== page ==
If you were a mid-level enforcer for the South Korean Mafia, the Hyundai Genesis is company car you could aspire to - you can’t have a Genesis without breaking a few legs - it’s a big, fat, rear-drive hunk ‘o’ luxury that you can see from space. Of course, nature abhors a vacuum - and there’s about to be one. It’s, like, the perfect storm of opportunity for Genesis. Can you guess what I’m talking about?
How does Genesis fit in, in Australia? Because it certainly seems like a fish out of water - I mean, if you’ve got $60-$80k, do you even buy a car from Hyundai? People don’t even buy big cars any more, right?
I’ve seen dozens of reviewers compare Genesis with the Mercedes-Benz E-Class, which I guess is an interesting intellectual exercise - but it tells you a lot about reviewers, and how they never buy their own cars. Nobody shops an E-Class against a Genesis.
Here in Australia there are some small number of car buyers - hire car drivers, and people who just really like the big, fat, long-wheelbase, rear-drive limo thing. I get that. And those people currently buy the Holden Caprice. There will be about 1000 Caprice customers a year - so, it’s a niche thing.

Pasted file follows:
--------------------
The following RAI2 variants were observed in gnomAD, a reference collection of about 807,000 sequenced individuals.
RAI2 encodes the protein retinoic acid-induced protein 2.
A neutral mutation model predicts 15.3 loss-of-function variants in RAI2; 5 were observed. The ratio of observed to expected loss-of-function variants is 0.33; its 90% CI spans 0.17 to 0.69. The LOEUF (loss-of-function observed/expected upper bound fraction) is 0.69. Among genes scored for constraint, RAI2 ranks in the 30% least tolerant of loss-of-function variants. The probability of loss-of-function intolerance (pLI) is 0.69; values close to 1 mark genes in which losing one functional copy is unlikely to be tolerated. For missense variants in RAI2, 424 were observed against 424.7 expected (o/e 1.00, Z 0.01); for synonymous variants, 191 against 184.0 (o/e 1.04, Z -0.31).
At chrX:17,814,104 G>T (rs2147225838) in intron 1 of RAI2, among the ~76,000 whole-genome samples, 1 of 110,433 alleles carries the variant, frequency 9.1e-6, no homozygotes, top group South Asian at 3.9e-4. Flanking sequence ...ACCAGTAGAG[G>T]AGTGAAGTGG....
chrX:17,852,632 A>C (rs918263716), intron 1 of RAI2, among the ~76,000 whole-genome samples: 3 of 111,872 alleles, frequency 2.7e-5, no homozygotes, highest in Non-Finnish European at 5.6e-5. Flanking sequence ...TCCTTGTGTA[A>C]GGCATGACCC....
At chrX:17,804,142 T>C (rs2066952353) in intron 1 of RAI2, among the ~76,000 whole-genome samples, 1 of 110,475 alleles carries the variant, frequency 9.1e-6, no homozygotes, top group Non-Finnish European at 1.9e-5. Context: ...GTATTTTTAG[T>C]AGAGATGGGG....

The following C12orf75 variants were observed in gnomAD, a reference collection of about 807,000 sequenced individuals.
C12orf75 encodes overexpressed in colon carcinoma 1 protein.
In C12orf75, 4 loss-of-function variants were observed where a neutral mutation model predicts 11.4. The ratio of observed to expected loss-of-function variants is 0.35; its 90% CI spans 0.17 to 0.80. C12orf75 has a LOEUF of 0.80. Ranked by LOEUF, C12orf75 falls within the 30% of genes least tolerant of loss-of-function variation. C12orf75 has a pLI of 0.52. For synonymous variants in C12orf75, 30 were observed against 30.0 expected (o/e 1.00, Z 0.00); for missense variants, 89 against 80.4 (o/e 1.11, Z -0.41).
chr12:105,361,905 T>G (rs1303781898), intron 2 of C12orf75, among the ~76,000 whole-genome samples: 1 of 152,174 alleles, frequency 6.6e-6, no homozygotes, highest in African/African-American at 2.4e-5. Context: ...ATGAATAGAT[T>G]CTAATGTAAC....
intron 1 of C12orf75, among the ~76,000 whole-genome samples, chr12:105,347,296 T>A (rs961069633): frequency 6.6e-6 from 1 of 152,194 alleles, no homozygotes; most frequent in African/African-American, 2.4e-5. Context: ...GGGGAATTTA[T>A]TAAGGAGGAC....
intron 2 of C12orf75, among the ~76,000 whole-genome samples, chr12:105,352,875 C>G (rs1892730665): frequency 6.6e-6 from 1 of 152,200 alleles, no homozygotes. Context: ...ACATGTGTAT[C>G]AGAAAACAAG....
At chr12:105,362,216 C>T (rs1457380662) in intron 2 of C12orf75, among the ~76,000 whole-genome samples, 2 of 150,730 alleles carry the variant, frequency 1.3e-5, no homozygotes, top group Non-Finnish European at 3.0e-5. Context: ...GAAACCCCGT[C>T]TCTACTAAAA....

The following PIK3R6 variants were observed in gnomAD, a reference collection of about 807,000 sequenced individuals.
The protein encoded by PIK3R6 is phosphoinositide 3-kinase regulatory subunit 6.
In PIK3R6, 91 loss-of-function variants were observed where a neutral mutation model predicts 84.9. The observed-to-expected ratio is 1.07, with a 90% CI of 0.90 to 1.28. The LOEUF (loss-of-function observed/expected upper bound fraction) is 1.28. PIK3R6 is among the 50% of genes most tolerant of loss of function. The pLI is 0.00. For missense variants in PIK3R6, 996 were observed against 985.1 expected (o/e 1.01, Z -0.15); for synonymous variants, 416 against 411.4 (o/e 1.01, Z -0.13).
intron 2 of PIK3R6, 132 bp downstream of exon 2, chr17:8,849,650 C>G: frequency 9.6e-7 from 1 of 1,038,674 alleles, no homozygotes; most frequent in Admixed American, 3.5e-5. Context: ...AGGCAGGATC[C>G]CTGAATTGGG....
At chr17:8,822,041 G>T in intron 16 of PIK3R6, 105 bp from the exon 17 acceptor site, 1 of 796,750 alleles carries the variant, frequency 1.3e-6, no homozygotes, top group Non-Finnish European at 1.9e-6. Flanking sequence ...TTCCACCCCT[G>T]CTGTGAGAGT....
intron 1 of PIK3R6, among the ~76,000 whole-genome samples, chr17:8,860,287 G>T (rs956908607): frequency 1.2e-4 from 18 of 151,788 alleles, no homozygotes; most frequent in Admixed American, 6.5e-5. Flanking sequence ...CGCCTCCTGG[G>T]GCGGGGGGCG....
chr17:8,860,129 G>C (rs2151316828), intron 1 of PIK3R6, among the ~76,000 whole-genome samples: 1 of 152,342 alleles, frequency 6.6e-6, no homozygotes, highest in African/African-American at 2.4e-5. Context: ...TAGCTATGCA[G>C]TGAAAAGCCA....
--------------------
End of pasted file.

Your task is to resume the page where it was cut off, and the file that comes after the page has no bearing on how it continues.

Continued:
But here’s the problem - if you operate a factory and it only makes 1000 Caprices a year, this is a Dr Kevorkian production scenario. It just is. The fat lady is on in five - the factory is closing. Done deal. Twelve months time: No more locally made Holdens.
So, anyway, here’s Genesis, currently selling about 500 units a year. No ‘economy of scale’ equation imposed by a factory. The imminent demise of Caprice is an opportunity for Hyundai to triple Genesis sales in Australia - because those Caprice buyers will still want a sub-$100k big, fat rear-drive limo, and Genesis is suddenly the only game in town.
The $60-$80,000 question is: How well will Genesis replace Caprice in your driveway?
Hyundai Genesis review | Auto Expert John Cadogan | Australia
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